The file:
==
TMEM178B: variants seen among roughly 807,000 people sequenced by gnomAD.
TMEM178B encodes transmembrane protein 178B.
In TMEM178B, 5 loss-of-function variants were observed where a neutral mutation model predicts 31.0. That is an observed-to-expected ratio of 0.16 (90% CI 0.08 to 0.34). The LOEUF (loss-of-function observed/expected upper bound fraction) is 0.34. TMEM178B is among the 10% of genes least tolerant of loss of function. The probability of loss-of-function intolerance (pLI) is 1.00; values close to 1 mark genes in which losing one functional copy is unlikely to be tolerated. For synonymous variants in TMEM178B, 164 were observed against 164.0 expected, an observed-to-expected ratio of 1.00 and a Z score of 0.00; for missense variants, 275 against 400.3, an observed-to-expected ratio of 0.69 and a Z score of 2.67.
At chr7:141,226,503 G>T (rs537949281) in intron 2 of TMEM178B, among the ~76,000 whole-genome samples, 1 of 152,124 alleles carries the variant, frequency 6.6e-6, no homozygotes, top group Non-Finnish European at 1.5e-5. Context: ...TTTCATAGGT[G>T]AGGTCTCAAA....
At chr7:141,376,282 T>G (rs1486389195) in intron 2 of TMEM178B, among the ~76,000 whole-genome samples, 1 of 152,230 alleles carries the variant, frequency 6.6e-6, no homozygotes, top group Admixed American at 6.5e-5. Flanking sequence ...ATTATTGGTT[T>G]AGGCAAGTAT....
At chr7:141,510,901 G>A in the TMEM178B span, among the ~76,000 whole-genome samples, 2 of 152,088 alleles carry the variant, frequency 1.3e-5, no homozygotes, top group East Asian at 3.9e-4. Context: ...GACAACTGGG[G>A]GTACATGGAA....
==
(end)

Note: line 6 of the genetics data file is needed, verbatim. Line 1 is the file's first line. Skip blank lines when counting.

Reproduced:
At chr7:141,510,901 G>A in the TMEM178B span, among the ~76,000 whole-genome samples, 2 of 152,088 alleles carry the variant, frequency 1.3e-5, no homozygotes, top group East Asian at 3.9e-4. Context: ...GACAACTGGG[G>A]GTACATGGAA....